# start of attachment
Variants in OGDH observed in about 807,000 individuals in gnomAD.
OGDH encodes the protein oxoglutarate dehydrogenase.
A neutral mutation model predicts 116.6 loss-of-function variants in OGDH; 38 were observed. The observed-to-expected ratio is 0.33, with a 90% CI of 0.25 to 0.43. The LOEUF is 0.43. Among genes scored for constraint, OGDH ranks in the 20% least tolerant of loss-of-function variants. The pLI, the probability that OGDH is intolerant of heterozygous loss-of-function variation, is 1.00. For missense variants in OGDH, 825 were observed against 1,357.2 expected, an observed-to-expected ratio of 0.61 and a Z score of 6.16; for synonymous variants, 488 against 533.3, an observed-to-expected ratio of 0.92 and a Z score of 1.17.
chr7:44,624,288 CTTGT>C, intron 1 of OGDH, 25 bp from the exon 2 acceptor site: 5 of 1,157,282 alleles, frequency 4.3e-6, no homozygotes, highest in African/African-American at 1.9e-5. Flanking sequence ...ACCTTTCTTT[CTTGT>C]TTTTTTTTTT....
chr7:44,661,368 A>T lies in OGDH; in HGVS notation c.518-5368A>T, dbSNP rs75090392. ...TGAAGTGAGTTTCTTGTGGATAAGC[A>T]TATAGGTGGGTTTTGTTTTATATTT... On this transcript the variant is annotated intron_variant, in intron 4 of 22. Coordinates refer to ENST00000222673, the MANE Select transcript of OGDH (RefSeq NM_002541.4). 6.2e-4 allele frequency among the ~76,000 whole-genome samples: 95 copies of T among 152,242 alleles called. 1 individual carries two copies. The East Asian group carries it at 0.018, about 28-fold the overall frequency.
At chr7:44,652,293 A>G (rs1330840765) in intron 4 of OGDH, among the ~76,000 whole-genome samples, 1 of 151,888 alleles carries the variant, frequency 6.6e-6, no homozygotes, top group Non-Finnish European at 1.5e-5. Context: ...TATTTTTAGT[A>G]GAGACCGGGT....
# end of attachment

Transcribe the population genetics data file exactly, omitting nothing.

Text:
Variants in OGDH observed in about 807,000 individuals in gnomAD.
OGDH encodes the protein oxoglutarate dehydrogenase.
A neutral mutation model predicts 116.6 loss-of-function variants in OGDH; 38 were observed. The observed-to-expected ratio is 0.33, with a 90% CI of 0.25 to 0.43. The LOEUF is 0.43. Among genes scored for constraint, OGDH ranks in the 20% least tolerant of loss-of-function variants. The pLI, the probability that OGDH is intolerant of heterozygous loss-of-function variation, is 1.00. For missense variants in OGDH, 825 were observed against 1,357.2 expected, an observed-to-expected ratio of 0.61 and a Z score of 6.16; for synonymous variants, 488 against 533.3, an observed-to-expected ratio of 0.92 and a Z score of 1.17.
chr7:44,624,288 CTTGT>C, intron 1 of OGDH, 25 bp from the exon 2 acceptor site: 5 of 1,157,282 alleles, frequency 4.3e-6, no homozygotes, highest in African/African-American at 1.9e-5. Flanking sequence ...ACCTTTCTTT[CTTGT>C]TTTTTTTTTT....
chr7:44,661,368 A>T lies in OGDH; in HGVS notation c.518-5368A>T, dbSNP rs75090392. ...TGAAGTGAGTTTCTTGTGGATAAGC[A>T]TATAGGTGGGTTTTGTTTTATATTT... On this transcript the variant is annotated intron_variant, in intron 4 of 22. Coordinates refer to ENST00000222673, the MANE Select transcript of OGDH (RefSeq NM_002541.4). 6.2e-4 allele frequency among the ~76,000 whole-genome samples: 95 copies of T among 152,242 alleles called. 1 individual carries two copies. The East Asian group carries it at 0.018, about 28-fold the overall frequency.
At chr7:44,652,293 A>G (rs1330840765) in intron 4 of OGDH, among the ~76,000 whole-genome samples, 1 of 151,888 alleles carries the variant, frequency 6.6e-6, no homozygotes, top group Non-Finnish European at 1.5e-5. Context: ...TATTTTTAGT[A>G]GAGACCGGGT....